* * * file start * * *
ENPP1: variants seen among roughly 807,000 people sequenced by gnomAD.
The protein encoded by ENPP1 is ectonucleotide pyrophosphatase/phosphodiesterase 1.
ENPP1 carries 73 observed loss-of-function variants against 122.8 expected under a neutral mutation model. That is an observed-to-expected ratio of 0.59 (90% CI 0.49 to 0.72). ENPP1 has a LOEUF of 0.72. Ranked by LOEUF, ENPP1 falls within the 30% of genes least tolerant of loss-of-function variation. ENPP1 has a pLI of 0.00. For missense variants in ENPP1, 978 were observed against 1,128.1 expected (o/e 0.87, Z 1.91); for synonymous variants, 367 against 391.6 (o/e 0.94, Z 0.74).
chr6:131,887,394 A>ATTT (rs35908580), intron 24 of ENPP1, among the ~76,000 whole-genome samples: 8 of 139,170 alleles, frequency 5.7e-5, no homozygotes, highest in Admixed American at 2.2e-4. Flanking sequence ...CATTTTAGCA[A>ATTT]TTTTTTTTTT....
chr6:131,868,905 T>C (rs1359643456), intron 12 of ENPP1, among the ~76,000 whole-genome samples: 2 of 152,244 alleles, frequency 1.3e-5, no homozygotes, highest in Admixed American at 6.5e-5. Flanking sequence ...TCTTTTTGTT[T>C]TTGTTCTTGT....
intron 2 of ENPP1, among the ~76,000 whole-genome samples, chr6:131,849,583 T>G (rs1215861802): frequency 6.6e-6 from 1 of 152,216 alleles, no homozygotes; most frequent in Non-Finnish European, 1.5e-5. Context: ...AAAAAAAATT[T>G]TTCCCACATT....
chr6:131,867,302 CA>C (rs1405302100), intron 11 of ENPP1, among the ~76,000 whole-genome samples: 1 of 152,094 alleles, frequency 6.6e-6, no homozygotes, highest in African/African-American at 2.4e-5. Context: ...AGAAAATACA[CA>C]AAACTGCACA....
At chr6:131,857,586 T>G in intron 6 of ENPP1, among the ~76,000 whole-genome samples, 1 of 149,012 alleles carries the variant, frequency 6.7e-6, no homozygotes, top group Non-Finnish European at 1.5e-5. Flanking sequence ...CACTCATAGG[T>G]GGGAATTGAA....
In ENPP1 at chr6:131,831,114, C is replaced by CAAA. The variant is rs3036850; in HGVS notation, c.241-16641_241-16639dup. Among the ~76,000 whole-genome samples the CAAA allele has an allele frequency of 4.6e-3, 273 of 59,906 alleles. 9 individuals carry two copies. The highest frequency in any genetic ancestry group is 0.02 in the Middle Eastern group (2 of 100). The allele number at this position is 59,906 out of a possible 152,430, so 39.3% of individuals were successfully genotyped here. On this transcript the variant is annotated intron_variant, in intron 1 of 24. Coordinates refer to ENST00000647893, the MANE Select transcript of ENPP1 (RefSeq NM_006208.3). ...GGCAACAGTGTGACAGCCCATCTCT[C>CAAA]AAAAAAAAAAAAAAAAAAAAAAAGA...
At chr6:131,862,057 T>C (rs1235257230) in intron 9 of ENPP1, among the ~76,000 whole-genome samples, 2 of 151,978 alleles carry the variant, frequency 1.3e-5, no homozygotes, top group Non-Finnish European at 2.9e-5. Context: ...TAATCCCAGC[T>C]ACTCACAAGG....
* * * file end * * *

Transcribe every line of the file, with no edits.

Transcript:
ENPP1: variants seen among roughly 807,000 people sequenced by gnomAD.
The protein encoded by ENPP1 is ectonucleotide pyrophosphatase/phosphodiesterase 1.
ENPP1 carries 73 observed loss-of-function variants against 122.8 expected under a neutral mutation model. That is an observed-to-expected ratio of 0.59 (90% CI 0.49 to 0.72). ENPP1 has a LOEUF of 0.72. Ranked by LOEUF, ENPP1 falls within the 30% of genes least tolerant of loss-of-function variation. ENPP1 has a pLI of 0.00. For missense variants in ENPP1, 978 were observed against 1,128.1 expected (o/e 0.87, Z 1.91); for synonymous variants, 367 against 391.6 (o/e 0.94, Z 0.74).
chr6:131,887,394 A>ATTT (rs35908580), intron 24 of ENPP1, among the ~76,000 whole-genome samples: 8 of 139,170 alleles, frequency 5.7e-5, no homozygotes, highest in Admixed American at 2.2e-4. Flanking sequence ...CATTTTAGCA[A>ATTT]TTTTTTTTTT....
chr6:131,868,905 T>C (rs1359643456), intron 12 of ENPP1, among the ~76,000 whole-genome samples: 2 of 152,244 alleles, frequency 1.3e-5, no homozygotes, highest in Admixed American at 6.5e-5. Flanking sequence ...TCTTTTTGTT[T>C]TTGTTCTTGT....
intron 2 of ENPP1, among the ~76,000 whole-genome samples, chr6:131,849,583 T>G (rs1215861802): frequency 6.6e-6 from 1 of 152,216 alleles, no homozygotes; most frequent in Non-Finnish European, 1.5e-5. Context: ...AAAAAAAATT[T>G]TTCCCACATT....
chr6:131,867,302 CA>C (rs1405302100), intron 11 of ENPP1, among the ~76,000 whole-genome samples: 1 of 152,094 alleles, frequency 6.6e-6, no homozygotes, highest in African/African-American at 2.4e-5. Context: ...AGAAAATACA[CA>C]AAACTGCACA....
At chr6:131,857,586 T>G in intron 6 of ENPP1, among the ~76,000 whole-genome samples, 1 of 149,012 alleles carries the variant, frequency 6.7e-6, no homozygotes, top group Non-Finnish European at 1.5e-5. Flanking sequence ...CACTCATAGG[T>G]GGGAATTGAA....
In ENPP1 at chr6:131,831,114, C is replaced by CAAA. The variant is rs3036850; in HGVS notation, c.241-16641_241-16639dup. Among the ~76,000 whole-genome samples the CAAA allele has an allele frequency of 4.6e-3, 273 of 59,906 alleles. 9 individuals carry two copies. The highest frequency in any genetic ancestry group is 0.02 in the Middle Eastern group (2 of 100). The allele number at this position is 59,906 out of a possible 152,430, so 39.3% of individuals were successfully genotyped here. On this transcript the variant is annotated intron_variant, in intron 1 of 24. Coordinates refer to ENST00000647893, the MANE Select transcript of ENPP1 (RefSeq NM_006208.3). ...GGCAACAGTGTGACAGCCCATCTCT[C>CAAA]AAAAAAAAAAAAAAAAAAAAAAAGA...
At chr6:131,862,057 T>C (rs1235257230) in intron 9 of ENPP1, among the ~76,000 whole-genome samples, 2 of 151,978 alleles carry the variant, frequency 1.3e-5, no homozygotes, top group Non-Finnish European at 2.9e-5. Context: ...TAATCCCAGC[T>C]ACTCACAAGG....